Islamabad is currently accused of covertly backing some insurgents to counter the influence of India in its neighbour.
“We don’t insist on a stable and friendly Afghanistan,” said one Pakistani security official. “‘Friendly’ you can interpret in your own way. We have gone down to peace and stability.”
One senior western official in Kabul also said there appeared to be a change in tone in conversations with Pakistan’s military, unnerved by radicalisation in the country’s heartland Punjab.
That area is ethnically distinct from the restive tribal regions where most Afghan insurgents shelter, and had earlier been relatively peaceful.
That has forced its Inter-Services Intelligence (ISI) agency to work more with other parties in trying to nudge insurgents — many of whom use Pakistan as a safe base — into talks.
One source close to the talks said it was clear Pakistan had the power to destroy the process if it wanted to, but equally Pakistan recognised it could not create a settlement on its own.
As for the insurgent leaders who publicly reject talks, president Barack Obama’s commitment last December to start bringing some troops home in July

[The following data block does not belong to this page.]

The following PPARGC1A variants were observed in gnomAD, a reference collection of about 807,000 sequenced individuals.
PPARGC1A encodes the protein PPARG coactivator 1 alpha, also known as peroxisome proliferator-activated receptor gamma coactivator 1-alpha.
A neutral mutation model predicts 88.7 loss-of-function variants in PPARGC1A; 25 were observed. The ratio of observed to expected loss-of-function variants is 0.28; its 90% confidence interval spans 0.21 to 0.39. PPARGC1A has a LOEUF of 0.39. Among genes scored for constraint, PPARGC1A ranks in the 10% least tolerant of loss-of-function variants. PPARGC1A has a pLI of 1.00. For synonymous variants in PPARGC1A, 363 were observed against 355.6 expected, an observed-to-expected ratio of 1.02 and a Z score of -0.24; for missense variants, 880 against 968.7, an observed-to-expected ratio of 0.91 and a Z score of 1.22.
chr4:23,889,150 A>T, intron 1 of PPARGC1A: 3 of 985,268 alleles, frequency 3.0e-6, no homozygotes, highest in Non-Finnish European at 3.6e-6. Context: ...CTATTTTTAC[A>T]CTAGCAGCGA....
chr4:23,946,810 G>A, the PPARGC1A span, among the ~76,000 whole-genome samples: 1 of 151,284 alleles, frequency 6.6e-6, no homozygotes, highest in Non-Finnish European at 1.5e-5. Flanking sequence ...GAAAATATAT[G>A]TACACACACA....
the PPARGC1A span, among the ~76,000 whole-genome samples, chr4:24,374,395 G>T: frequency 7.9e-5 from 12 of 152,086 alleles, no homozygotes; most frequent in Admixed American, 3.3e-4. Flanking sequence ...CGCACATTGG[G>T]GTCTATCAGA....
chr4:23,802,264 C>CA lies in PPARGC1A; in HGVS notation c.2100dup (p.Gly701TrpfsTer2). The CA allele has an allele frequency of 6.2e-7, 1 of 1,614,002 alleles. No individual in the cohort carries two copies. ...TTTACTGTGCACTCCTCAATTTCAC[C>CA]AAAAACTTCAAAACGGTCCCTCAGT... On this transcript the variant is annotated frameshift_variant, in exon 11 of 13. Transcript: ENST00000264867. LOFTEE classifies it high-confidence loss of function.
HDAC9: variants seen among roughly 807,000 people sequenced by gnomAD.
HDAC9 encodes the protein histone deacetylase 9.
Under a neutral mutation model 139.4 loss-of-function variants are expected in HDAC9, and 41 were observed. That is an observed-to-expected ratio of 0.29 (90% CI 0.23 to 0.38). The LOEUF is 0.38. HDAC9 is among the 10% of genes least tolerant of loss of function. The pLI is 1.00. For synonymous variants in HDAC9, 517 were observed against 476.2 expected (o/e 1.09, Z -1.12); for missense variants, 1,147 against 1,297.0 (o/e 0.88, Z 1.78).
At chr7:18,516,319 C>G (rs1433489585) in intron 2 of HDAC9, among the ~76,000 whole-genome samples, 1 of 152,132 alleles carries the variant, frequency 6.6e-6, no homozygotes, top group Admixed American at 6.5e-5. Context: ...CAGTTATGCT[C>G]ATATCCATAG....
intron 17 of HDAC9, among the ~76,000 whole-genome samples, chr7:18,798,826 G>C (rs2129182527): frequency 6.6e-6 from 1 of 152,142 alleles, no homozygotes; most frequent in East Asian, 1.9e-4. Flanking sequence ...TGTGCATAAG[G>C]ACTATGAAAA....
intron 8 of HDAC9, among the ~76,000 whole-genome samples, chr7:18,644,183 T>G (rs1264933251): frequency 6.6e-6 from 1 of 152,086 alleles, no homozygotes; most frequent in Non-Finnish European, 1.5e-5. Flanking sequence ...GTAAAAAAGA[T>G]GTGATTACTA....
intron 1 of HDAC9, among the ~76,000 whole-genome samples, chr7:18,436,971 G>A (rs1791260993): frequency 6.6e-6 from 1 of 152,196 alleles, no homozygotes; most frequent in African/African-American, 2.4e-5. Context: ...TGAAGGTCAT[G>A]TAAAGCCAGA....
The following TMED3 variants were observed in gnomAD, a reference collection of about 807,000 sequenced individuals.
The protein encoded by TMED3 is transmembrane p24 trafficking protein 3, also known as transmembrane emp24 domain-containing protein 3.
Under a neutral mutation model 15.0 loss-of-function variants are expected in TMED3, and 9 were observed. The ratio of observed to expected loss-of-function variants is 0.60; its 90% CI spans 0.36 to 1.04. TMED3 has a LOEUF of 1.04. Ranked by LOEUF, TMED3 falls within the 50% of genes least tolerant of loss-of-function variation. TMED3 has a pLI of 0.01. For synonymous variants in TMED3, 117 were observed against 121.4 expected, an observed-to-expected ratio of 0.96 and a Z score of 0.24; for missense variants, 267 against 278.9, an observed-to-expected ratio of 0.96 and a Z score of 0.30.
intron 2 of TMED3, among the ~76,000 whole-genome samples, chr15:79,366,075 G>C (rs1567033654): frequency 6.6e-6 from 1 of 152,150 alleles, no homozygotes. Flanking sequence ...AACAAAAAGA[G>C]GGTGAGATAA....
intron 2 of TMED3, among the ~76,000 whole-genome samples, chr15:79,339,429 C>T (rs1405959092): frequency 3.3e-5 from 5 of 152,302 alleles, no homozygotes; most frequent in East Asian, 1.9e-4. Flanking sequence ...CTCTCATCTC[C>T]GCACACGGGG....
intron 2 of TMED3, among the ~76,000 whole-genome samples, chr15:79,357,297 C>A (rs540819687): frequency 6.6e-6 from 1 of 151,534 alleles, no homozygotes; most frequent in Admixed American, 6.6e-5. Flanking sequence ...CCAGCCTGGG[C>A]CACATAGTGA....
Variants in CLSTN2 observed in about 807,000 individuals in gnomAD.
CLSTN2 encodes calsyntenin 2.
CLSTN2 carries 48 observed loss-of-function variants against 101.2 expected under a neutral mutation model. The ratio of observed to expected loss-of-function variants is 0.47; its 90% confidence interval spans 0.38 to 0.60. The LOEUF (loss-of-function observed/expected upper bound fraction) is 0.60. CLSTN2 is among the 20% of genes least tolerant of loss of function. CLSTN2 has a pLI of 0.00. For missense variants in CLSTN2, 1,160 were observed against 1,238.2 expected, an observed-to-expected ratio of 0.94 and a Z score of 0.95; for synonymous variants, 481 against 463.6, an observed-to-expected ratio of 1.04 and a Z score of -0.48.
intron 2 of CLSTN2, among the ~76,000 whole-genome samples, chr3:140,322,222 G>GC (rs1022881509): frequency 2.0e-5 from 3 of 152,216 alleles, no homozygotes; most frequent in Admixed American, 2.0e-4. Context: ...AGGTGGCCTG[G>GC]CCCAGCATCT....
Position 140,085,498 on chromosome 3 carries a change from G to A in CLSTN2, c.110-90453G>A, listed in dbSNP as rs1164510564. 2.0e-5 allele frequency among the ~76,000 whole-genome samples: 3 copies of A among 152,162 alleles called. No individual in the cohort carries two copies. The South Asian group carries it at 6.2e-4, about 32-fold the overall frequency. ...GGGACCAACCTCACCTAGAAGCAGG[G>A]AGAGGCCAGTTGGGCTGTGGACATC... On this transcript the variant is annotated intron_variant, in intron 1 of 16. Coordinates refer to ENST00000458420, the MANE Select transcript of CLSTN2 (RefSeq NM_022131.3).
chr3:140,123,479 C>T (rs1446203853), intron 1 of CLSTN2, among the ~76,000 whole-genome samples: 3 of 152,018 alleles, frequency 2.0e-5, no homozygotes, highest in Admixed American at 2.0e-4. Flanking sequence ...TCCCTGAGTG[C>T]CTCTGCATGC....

2011 has already gone some way to meeting their demand for a withdrawal of foreign troops.
Official sources say they could now perhaps be persuaded to accept a timeline for withdrawal. The details of this are likely to be a major issue of dispute, but Obama’s commitment, combined with pressure from Pakistan and a fear that without a political settlement Afghanistan could descend into anther bitter civil war, is seen as underpinning a willingness to engage in talks.
“All three guerrilla groups (the Afghan Taliban, the Haqqanis and the HiG) have to come to the negotiating table,” said one official. “Otherwise they will not qualify as stakeholders. They will continue to be seen as warlords.”
Analysts and official sources caution that no one should expect an early result in a country which has seen more than three decades of war and many broken promises on all sides.
And the crucial question of how insurgent groups would sever ties with Al Qaeda has yet to be resolved.
“At the moment it’s talk about talks,” said the UN source. “This is not a fast-moving process. Let’s not over-egg it.”
Yet despite the skepticism, analysts and official sources agree there has been a step-shift in recent months toward the idea involving insurgent leaders in a settlement in Afghanistan.
That has been highlighted by what non-US sources see as a new willingness by Washington to consider including the Haqqani network, based in Pakistan’s North Waziristan and seen as close to Al Qaeda, in any eventual settlement.
Non-US sources said that while Mullah Omar’s Taliban remained strong in Kandahar and southern Afghanistan, the Haqqani network had been increasingly threatening Kabul, making both insurgent groups necessary to any settlement.
“The principle is whether you are ready to talk, and after much nudging, the Americans have accepted,” said one official.